Day by day, as they spent much time together in the temple, they broke bread at home and ate their food with glad and generous hearts, praising God and having the goodwill of all people.
The season of gift-giving is over. If you’ve planned well and lived simply there aren’t any large post-Christmas credit card balances looming on your mid-winter horizon. Epiphany, that brief season that moves from the visit of the Magi through Jesus’ baptism and call of the disciples to his transfiguration, now draws to a close as well, giving rise to Ash Wednesday and the beginning of Lent.
Many of us will make that annual trip to the altar to receive the imposition of ashes. Kneeling there among family, friends, and neighbors, the worship leader will take last spring’s palms — burned and ground into fine ash — and mark a cross on our foreheads. We’ll hear somber words: “From dust you were formed; to dust you will return.” In that brief moment we are reminded that we need God’s forgiveness and grace and that we need each other in our communities of faith.
We are bound together, you and I. Each one of us is wonderfully and uniquely created by God with gifts and talents, skills and abilities, failings and frailties. But we are not alone, nor are we designed to be alone. We are called to be in community, to be the church—the body of Christ—here on earth. We are to minister to one another, to recognize the image of Christ in each other, and to love one another.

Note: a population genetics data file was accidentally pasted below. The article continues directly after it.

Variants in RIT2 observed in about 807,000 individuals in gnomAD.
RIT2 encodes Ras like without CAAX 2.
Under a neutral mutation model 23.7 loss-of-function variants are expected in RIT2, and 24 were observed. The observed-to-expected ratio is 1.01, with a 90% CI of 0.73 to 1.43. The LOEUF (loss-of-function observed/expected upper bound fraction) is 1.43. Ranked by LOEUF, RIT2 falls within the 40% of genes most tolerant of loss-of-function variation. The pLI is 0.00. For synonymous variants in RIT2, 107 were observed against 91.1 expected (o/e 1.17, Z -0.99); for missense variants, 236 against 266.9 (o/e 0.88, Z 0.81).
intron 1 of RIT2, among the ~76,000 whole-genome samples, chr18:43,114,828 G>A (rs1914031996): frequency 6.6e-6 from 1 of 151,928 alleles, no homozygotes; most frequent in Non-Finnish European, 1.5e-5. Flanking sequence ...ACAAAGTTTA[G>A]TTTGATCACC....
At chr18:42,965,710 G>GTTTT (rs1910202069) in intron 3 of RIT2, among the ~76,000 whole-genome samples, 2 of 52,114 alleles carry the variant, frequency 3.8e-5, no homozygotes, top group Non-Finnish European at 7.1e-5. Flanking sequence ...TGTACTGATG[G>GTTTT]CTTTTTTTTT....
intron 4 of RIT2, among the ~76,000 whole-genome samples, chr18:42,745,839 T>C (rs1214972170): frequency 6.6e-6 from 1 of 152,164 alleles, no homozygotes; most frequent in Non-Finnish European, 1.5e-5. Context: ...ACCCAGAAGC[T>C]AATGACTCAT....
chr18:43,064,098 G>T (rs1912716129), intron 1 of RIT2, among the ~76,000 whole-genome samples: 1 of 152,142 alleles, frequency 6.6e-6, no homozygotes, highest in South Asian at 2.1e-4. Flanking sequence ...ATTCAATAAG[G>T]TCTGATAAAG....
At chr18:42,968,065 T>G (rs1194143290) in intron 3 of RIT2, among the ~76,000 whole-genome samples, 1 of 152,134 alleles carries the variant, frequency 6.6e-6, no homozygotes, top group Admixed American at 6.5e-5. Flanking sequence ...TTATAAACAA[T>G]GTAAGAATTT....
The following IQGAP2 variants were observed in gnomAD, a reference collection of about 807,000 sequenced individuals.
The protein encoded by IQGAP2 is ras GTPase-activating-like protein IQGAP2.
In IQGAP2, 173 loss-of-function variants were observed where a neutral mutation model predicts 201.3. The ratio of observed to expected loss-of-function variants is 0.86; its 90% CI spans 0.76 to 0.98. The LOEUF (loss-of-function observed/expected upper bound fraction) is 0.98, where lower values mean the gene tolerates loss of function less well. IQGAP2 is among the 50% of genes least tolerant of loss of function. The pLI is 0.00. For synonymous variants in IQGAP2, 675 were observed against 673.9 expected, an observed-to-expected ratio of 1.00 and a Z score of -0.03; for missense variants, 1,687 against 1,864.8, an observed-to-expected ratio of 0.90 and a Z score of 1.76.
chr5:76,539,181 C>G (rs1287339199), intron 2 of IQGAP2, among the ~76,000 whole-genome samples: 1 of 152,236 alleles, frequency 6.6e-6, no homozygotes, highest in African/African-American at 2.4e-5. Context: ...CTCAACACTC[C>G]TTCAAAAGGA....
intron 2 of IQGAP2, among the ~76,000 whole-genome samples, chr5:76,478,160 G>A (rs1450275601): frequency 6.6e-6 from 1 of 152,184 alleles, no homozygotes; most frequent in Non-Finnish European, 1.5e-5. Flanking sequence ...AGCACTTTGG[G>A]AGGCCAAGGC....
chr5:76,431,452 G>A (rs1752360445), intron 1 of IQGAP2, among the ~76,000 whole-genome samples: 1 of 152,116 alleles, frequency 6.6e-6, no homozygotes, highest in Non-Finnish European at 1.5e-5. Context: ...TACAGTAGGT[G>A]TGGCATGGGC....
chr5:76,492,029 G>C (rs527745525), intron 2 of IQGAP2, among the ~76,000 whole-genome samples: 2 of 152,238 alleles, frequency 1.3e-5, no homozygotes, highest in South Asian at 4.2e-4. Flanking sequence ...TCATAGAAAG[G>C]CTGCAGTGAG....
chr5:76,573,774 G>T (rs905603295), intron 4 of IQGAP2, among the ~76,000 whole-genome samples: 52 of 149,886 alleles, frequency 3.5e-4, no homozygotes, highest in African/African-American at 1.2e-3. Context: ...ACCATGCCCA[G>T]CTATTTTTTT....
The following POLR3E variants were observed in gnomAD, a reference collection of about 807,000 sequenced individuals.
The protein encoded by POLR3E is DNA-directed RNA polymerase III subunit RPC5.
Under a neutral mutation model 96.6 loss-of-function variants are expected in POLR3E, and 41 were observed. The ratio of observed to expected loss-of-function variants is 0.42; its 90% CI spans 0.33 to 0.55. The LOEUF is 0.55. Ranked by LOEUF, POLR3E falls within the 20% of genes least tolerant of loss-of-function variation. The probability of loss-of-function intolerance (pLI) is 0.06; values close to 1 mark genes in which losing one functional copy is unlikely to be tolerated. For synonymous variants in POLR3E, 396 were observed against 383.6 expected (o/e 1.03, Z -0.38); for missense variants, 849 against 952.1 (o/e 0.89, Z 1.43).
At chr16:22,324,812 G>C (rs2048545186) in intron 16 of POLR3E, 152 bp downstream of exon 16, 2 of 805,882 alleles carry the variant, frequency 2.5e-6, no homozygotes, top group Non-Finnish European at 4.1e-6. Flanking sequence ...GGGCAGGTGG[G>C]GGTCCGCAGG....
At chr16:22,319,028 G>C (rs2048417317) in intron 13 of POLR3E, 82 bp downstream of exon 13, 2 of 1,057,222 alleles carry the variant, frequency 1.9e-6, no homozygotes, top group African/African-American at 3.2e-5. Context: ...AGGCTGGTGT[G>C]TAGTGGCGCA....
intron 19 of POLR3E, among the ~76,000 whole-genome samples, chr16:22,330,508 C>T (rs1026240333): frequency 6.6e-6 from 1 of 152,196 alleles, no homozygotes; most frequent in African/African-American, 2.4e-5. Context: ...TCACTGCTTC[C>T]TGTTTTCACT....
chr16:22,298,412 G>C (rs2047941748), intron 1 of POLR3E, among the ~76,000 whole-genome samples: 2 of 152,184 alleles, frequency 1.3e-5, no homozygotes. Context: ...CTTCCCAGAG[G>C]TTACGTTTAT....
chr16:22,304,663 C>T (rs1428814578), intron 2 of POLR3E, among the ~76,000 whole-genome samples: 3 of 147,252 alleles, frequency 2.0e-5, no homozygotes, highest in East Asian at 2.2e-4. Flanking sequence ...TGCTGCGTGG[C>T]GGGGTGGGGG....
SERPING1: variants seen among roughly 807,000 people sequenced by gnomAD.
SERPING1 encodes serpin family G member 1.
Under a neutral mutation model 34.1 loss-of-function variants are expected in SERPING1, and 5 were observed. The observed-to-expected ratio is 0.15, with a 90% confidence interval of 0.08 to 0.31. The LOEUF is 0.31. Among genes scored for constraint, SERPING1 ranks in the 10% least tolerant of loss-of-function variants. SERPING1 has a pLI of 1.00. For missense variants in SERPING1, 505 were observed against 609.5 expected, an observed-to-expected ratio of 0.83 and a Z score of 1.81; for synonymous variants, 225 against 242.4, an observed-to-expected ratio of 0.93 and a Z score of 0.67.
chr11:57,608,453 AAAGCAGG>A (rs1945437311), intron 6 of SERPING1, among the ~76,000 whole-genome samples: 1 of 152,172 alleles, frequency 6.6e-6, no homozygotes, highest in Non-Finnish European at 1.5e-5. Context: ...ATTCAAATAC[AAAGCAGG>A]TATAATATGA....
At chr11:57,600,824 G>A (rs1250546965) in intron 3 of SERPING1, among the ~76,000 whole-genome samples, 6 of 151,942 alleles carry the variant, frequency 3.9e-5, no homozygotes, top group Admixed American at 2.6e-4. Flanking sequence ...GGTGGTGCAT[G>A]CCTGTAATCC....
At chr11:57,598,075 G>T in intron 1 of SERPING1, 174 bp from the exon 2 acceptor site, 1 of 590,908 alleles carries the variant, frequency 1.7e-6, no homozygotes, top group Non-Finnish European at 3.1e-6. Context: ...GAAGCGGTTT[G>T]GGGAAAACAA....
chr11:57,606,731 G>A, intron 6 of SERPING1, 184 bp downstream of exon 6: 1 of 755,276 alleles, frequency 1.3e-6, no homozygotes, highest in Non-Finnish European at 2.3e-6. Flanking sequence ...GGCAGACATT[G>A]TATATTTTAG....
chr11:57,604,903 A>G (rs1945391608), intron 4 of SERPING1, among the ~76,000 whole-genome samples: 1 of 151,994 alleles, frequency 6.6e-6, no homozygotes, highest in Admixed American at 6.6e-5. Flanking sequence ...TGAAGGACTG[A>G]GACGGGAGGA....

We are called to mourn with the widow of the 50-year-old man who dies after a long and painful battle with cancer—being present with her at the funeral and bearing gifts of our signature comfort foods along with hugs and tears. We rejoice together at the baptism of a young family’s first child, understanding that the presentation for baptism calls us as people of God to support and pray for this child as she begins her new life in Christ. Together in good times and in bad times, we are the people of God in community, and this life together is one of the best gifts we can share with each other.
However you choose to observe Lent this year, I encourage you to do two things: first, pray daily and include in your prayers those in your community of faith along with all God’s people in this world, and second participate actively in the gatherings of your community. Come to worship and be edified by the presence and spirit of your sisters and brothers in Christ. Join in shared activities — gather over a cup of coffee or a potluck meal. Sit around the table and share stories and laughter. Bear one another’s burdens and lift each other up. Cultivate your relationships with care and energy. I promise your life will be richer for it, and you will experience the joy and goodness of the life together that Christ desires for us.
Yes, Lent is a time of reflection — a somber season to examine our sin and need of forgiveness, but it is also a time to reach out to one another in all of life’s times and seasons. We are stronger together, and our lives are better lived in each other’s company. The gifts of your time, energy, and presence are precious indeed! Share them “with glad and generous hearts” in the name of Christ.
2008, The Rev. Sharron Lucas, all rights reserved. Used by permission.
The Rev. Sharron Riessinger Lucas is a parish pastor serving the Sheyenne-Oberon Area Ministry, a four-point cooperative ministry in the Eastern North Dakota Synod of the ELCA. She came to ordained ministry after teaching secondary and college English, working in non-profit management and public relations, and moonlighting as a freelance writer. She is the mother of two wonderful daughters.